And yet, according to the Companies House entry Camp Valour seems to be in the holiday business. For under ‘Nature of Business’ it clearly says, ‘recreational’, nothing about rehabilitation.
The Phipps couple are from the Wirral, but using Welsh addresses to get their hands on Welsh public funding, and Finance Wales has already given them the taste for it. Now they want more.
If the story given is true, then we can expect many ex-service personnel being moved to Fort Hubberstone, where they will require treatment from the NHS and other services. An unquantifiable number will settle in the area and this will inevitably place a demand on local housing, which will either need to be specially adapted or purpose built. And this will all be paid for from the Welsh public purse.
I just hope that the Milford Haven Port Authority, which owns the site, Pembrokeshire County Council, and the ‘Welsh Government’, have enough sense not to get involved with these people. And certainly not to give them any of our money.
If nothing else, anyone who changes his name from Sean Keven Patrick Pullen to Fabian Sean Lucien Faversham-Pullen should be given a wide berth. A very wide berth.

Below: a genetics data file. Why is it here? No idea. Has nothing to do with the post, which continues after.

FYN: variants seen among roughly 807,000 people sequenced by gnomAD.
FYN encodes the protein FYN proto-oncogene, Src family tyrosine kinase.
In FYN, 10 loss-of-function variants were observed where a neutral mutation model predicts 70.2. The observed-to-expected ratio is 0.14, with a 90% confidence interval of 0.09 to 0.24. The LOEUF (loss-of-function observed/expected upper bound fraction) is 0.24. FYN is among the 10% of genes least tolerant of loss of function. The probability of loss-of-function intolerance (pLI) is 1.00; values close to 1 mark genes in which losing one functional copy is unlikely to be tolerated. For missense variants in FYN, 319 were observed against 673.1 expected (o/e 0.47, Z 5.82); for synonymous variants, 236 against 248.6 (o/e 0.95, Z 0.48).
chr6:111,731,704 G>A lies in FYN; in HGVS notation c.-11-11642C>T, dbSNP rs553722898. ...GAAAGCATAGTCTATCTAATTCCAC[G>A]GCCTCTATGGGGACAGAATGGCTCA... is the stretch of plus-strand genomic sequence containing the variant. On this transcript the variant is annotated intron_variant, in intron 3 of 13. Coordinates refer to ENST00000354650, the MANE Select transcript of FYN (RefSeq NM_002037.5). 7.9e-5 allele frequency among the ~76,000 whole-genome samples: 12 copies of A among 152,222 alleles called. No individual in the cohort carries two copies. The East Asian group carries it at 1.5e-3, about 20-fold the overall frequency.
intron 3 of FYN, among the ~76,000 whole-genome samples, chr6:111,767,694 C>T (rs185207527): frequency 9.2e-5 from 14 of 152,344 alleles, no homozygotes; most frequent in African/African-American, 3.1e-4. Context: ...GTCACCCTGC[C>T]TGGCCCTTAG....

There are countless other examples of Wales being taken advantage of. For that’s how colonialism operates. The Conservative Party of course supports Wales being exploited in this way – it’s ‘investment’. Being a collaborationist and Unionist party Labour willingly does its bit. But what of Plaid Cymru?
Unfortunately Plaid Cymru is now a self-emasculated grouping that is little more than a loose alliance of minority-interest obsessives whose cross-border or global concerns inevitably neglect our homeland while assisting Wales’ exploitation and assimilation.
Blind to the national question and blatant colonialism Plaid Cymru has become colonialism’s great asset – the ‘national party’ representing nothing more than a geographical expression and anyone who lives in it (or is dumped in it), rather than the people to whom this territory belongs.
Fortunately there is now a new nationalist party, one that will contest the next Assembly elections on a platform of unashamedly prioritising Welsh interests. Maybe you should join Ein Gwlad, for it’s Wales’s last hope.